Here’s yet another example of how we are currently living in the cyberpunk future that William Gibson warned us about…networks are now inserting new advertisements into reruns/existing video products. This is a great argument for libraries owning content and acting as archives for preservation purposes. Future research on advertising/fashion/video production could be rendered impossible if there’s no saved version prior to digital manipulation. When streaming is the norm, there may BE no “canonical” version of a broadcast, since each stream could be individually tailored to the recipient. 

Living in the cyberpunk advertising age

Given that Deathly Hallows was available as an ebook online before it was even for sale in print form, Rowling has certainly taken her sweet time on this. But it will be good to have “official” versions of the books electronically. My favorite quote from the article:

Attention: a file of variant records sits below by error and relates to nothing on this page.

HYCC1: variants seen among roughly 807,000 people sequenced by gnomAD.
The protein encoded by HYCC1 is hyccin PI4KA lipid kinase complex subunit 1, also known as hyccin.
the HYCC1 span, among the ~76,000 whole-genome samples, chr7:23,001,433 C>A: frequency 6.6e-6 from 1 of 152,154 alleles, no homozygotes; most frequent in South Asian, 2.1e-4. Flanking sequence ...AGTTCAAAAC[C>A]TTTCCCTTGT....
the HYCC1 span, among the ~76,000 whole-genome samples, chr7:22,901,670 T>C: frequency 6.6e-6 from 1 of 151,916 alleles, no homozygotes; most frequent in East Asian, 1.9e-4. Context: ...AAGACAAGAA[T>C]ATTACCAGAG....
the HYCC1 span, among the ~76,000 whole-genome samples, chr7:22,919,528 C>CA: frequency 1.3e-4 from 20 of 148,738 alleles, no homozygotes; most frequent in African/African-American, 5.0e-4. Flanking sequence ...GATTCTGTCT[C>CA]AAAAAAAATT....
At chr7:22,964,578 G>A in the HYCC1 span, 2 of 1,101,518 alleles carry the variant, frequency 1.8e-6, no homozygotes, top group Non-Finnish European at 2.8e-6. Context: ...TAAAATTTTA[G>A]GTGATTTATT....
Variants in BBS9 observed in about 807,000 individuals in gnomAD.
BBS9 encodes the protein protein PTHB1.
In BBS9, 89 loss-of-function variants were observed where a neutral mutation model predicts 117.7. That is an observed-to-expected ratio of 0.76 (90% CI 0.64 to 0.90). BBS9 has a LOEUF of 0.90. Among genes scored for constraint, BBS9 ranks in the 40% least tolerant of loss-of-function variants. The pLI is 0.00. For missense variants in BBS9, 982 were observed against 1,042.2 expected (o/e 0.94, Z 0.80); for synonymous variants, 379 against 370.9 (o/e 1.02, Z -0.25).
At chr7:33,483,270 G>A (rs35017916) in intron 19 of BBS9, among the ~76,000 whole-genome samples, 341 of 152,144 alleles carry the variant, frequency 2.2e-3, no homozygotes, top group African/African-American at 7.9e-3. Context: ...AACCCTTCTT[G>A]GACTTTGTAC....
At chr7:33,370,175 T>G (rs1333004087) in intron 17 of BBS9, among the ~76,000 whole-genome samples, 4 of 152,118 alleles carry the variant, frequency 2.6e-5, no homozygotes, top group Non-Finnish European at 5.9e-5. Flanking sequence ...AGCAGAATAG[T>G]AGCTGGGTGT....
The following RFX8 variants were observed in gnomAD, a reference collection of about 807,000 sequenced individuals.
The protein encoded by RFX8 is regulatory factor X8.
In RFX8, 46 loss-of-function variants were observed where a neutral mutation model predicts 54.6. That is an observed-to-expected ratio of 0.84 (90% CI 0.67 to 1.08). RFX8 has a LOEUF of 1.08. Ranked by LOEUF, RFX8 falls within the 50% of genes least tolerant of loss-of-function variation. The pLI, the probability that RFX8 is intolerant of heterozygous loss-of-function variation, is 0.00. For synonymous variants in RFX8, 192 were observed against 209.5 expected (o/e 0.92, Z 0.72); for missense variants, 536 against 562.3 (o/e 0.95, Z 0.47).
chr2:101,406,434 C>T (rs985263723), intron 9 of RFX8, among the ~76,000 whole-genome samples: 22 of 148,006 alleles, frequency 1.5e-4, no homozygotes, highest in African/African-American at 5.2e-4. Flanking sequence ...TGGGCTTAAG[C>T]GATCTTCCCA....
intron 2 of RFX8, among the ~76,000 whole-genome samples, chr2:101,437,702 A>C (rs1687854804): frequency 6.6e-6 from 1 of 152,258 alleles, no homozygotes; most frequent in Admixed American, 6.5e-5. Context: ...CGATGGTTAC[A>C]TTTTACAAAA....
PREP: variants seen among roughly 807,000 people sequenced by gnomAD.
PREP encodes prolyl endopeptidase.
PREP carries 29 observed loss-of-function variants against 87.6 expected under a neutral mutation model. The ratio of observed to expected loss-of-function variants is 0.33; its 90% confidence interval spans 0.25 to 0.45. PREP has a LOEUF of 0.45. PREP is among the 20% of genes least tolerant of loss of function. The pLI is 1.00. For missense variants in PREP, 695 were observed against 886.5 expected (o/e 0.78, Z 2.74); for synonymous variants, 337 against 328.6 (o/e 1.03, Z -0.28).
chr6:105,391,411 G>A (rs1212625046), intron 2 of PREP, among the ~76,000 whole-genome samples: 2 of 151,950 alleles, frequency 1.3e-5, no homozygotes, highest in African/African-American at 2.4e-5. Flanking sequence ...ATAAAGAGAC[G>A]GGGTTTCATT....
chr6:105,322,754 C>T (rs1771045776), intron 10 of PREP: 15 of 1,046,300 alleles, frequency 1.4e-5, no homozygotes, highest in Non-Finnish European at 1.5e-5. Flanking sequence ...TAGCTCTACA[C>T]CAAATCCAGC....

Henwood said: “We want to make sure anyone who buys it, can read it on any device, we are talking to the Kindles, the Apples, the Googles, Barnes & Noble to make sure they are compatible.
At the books are now available on The Internets.

Rowling to finally allow official Potter ebooks

ICANN, the international organization responsible for coordinating the Domain structure of the Internet, just voted to allow generic Top Level Domains (gTLDs) to be created. This means that instead of being stuck with .com, .net. .org, etc…organizations can request and be granted the ability to oversee their own TLD. A group of automakers could band together and register .car, for example, and you could have,, and so on. On the other hand, Ford could theoretically register .car, and prevent other companies from using it. The methodology that ICANN is going to use to prevent this sort of meta-cybersquatting isn’t really apparent at this time. The Draft version of the application guidebook is now available, and among the details is the application fee. It will cost $185,000 to apply for a new gTLD…a fee which ICANN will keep, even if your application is denied. Even with that, I think that serious thought should be given by ALA and IFLA to a joint application for a top level domain of .lib or .library (I did not know that there was already a TLD for .museum). Given the relative failure of the use of non-standard TLDs, I’m not sure a .library TLD would be used. But it’s far better that ALA and IFLA control it than Microsoft or Google. 

ICANN approves custom Top Level Domains